He taught them that the patients who flocked to the clinic for care were not to be defined by their diseases, or their injuries, or their deformities. They were not mysteries to be solved, or cases to add to the docket. They were people, humans. They had names and families, and–maybe if they doctors did their jobs right–they would each have a future too. A good future–one made better by the help these gentlemen should feel privileged to provide.
But this book is so much more than just the account of Dr. Mütter’s additions to the medical community, it discusses some of his colleagues, predecessors, and students along the way–like George McClellan who founded the Jefferson Medical College in 1824 and insisted that all students must take an active part in the care of patients. Up until this point, education had never been hands-on. Students took what information they could glean from lectures and watching procedures and, upon graduation, had often never laid a finger on a single patient! Shortly after, the medical community began to rethink the standards of receiving a medical degree. Did you know that at the time, each test you took was different? One school may be easier, another more difficult and both of them could be entirely inaccurate due to lack of standardization of the materials being covered? It’s true.
In addition to McClellan, there was Edward Robinson Squibb who designed the first ether apparatus to deliver a uniform strength of ether and thereby standardizing the dosage of ether given to patients. (Until this time, it had been fairly willy-nilly and depending on what brand you purchased some might be stronger–and could kill a patient, and some might be too weak–requiring the poor patient to undergo more ether anesthesia.) He went on to found E.R. Squibb & Sons, a pharmaceutical company, known today as Bristol-Meyers Squibb. He became an advocate for transparency between patient and health-care provider and between doctor and medicine supplier. Because of this, he was instrumental in the movement that gave us the first federal Pure Food and Drug Act in 1906. It was the first in a series of consumer protection laws that required drugs to be labeled with their active ingredients.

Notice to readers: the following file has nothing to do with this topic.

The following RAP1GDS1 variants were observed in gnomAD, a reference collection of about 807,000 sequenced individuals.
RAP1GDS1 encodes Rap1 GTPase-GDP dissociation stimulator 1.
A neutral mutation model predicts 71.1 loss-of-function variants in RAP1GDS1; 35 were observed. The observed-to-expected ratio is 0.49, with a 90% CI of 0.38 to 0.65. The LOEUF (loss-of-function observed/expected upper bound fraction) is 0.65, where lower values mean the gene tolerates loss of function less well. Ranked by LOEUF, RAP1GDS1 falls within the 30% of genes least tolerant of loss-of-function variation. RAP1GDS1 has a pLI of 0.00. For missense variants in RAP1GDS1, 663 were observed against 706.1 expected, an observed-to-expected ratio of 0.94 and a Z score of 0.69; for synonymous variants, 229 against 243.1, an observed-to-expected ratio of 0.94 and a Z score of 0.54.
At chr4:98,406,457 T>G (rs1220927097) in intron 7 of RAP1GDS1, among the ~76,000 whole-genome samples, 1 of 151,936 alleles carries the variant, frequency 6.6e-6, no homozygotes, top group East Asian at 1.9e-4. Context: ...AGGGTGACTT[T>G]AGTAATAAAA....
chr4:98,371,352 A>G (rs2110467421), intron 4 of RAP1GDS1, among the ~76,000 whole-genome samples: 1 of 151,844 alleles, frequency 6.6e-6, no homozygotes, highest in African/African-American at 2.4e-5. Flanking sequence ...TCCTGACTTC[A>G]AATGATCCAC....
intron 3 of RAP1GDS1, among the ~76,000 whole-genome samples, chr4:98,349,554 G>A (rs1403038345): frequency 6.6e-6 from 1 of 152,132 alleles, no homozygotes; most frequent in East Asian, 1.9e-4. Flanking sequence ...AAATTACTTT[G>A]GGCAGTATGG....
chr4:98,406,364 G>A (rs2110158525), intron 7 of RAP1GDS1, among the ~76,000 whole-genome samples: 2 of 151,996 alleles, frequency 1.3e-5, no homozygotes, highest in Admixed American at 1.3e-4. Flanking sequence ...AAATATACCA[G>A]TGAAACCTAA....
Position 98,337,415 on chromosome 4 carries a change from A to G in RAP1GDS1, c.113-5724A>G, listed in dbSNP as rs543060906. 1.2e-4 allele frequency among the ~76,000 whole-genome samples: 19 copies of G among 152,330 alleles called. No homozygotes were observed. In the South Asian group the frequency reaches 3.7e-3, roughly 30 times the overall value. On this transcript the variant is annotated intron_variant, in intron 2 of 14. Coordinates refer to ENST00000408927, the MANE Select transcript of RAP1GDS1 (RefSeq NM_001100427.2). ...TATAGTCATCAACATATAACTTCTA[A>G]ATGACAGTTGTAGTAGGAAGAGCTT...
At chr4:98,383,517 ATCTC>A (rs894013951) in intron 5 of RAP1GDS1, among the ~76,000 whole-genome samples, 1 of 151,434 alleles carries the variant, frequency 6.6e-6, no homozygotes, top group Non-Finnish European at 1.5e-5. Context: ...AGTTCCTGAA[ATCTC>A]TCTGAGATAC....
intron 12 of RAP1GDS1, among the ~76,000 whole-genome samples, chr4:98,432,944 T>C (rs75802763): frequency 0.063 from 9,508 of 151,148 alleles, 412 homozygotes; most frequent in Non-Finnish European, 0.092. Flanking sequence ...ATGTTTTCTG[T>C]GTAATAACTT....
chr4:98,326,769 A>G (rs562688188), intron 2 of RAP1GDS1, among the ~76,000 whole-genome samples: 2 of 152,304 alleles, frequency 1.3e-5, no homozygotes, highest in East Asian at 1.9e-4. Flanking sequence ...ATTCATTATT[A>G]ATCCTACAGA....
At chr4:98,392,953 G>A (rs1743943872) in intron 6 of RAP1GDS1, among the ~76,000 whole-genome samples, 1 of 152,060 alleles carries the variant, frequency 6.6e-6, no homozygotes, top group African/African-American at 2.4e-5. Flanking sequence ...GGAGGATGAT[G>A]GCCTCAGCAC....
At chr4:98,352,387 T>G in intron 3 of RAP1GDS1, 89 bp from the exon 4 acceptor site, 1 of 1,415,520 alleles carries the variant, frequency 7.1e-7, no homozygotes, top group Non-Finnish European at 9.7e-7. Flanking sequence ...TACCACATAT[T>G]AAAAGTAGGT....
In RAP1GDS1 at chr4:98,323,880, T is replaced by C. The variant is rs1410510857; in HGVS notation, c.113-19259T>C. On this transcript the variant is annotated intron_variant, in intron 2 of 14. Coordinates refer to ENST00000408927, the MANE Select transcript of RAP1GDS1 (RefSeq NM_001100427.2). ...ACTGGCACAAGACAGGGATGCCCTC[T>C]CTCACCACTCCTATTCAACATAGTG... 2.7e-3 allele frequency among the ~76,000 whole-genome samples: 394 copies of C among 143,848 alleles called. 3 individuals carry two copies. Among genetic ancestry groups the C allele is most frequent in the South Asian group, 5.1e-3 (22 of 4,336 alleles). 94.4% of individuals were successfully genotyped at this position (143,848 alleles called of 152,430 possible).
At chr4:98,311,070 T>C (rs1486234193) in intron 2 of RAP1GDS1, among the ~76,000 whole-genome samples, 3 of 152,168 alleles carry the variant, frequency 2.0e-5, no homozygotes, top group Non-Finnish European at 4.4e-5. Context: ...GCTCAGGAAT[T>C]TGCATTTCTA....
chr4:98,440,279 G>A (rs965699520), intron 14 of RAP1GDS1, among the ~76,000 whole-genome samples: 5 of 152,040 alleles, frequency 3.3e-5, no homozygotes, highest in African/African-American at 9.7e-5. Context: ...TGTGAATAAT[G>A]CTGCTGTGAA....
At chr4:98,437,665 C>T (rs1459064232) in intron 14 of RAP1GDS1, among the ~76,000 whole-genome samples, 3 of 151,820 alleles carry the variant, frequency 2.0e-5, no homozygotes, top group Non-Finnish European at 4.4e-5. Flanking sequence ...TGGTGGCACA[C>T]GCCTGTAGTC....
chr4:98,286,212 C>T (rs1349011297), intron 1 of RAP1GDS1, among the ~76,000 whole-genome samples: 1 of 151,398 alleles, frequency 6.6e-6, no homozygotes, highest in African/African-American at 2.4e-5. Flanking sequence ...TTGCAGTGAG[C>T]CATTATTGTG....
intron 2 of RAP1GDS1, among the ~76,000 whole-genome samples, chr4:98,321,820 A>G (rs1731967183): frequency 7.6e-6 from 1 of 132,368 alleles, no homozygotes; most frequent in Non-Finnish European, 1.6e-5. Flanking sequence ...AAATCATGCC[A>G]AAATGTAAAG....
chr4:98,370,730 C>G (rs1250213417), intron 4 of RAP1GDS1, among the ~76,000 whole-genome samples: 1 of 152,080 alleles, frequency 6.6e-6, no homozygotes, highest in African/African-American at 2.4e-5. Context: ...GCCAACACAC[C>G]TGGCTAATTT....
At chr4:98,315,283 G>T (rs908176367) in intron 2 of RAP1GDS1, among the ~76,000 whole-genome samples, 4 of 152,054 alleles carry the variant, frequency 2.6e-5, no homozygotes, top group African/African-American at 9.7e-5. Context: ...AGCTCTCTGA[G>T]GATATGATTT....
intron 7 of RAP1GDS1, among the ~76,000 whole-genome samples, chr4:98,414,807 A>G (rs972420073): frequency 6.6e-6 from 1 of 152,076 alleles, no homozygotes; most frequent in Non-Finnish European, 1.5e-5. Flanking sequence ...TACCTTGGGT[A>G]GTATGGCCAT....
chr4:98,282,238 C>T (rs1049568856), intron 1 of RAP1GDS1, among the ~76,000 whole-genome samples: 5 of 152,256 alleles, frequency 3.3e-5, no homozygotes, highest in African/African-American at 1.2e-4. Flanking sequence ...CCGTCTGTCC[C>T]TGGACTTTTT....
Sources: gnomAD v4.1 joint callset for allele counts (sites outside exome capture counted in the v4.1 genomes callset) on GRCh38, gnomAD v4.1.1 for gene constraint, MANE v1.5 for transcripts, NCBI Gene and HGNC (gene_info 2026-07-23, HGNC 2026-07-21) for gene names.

Another student, Francis West Lewis went on to create the Children’s Hospital of Philadelphia that began as a tiny, twelve bed hospital and has continued and grown to this very day. Meanwhile Jonathan Letterman earned the “father of battlefield medicine” title thanks to the innovations he developed while a Civil War surgeon. He introduced a concept you may find yourself familiar with if ever in need of visiting the emergency room: triage–a system of organizing patients into groups of those who will live regardless of their wounds and those who would surely die because of them.
Dr. Thomas Dent Mütter’s legacy lives on in many ways today, most especially at the Mütter Museum located in Center City Philadelphia. Originally opened in 1863 to house his vast collection of medical oddities collected during the course of his works it has grown in size enough to move locations and remains open today.
For me, as someone who has grown up in the healthcare industry, this was an incredibly fascinating read about the development of innovative ideas that have helped make modern medicine what it is today. It is not for the faint of heart (or stomach, I suppose) but if you enjoy history, medical things and maybe just a little bit of the macabre, I think you will enjoy this too.